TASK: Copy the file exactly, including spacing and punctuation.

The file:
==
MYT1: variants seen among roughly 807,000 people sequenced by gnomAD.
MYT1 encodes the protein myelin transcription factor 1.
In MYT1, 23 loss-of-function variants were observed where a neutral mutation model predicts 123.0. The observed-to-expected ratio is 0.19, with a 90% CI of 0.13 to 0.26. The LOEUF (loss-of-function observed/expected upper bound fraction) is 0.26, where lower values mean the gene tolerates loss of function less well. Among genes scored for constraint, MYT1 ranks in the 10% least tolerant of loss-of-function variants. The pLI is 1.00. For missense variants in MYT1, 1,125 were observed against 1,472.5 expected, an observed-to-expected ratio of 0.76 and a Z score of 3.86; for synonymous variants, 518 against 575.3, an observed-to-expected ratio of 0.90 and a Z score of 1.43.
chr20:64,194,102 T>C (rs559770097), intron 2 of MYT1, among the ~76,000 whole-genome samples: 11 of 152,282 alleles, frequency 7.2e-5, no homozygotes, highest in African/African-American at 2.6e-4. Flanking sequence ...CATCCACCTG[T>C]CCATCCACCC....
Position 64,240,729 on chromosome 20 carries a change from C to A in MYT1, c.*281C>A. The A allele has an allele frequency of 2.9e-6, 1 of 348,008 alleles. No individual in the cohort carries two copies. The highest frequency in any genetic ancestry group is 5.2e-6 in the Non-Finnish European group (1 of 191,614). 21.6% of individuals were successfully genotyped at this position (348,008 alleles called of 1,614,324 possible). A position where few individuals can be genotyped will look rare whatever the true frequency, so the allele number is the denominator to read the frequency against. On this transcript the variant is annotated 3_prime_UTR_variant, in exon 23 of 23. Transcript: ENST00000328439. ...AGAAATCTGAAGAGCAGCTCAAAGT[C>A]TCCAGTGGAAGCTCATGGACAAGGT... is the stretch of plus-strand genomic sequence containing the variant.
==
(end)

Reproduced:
MYT1: variants seen among roughly 807,000 people sequenced by gnomAD.
MYT1 encodes the protein myelin transcription factor 1.
In MYT1, 23 loss-of-function variants were observed where a neutral mutation model predicts 123.0. The observed-to-expected ratio is 0.19, with a 90% CI of 0.13 to 0.26. The LOEUF (loss-of-function observed/expected upper bound fraction) is 0.26, where lower values mean the gene tolerates loss of function less well. Among genes scored for constraint, MYT1 ranks in the 10% least tolerant of loss-of-function variants. The pLI is 1.00. For missense variants in MYT1, 1,125 were observed against 1,472.5 expected, an observed-to-expected ratio of 0.76 and a Z score of 3.86; for synonymous variants, 518 against 575.3, an observed-to-expected ratio of 0.90 and a Z score of 1.43.
chr20:64,194,102 T>C (rs559770097), intron 2 of MYT1, among the ~76,000 whole-genome samples: 11 of 152,282 alleles, frequency 7.2e-5, no homozygotes, highest in African/African-American at 2.6e-4. Flanking sequence ...CATCCACCTG[T>C]CCATCCACCC....
Position 64,240,729 on chromosome 20 carries a change from C to A in MYT1, c.*281C>A. The A allele has an allele frequency of 2.9e-6, 1 of 348,008 alleles. No individual in the cohort carries two copies. The highest frequency in any genetic ancestry group is 5.2e-6 in the Non-Finnish European group (1 of 191,614). 21.6% of individuals were successfully genotyped at this position (348,008 alleles called of 1,614,324 possible). A position where few individuals can be genotyped will look rare whatever the true frequency, so the allele number is the denominator to read the frequency against. On this transcript the variant is annotated 3_prime_UTR_variant, in exon 23 of 23. Transcript: ENST00000328439. ...AGAAATCTGAAGAGCAGCTCAAAGT[C>A]TCCAGTGGAAGCTCATGGACAAGGT... is the stretch of plus-strand genomic sequence containing the variant.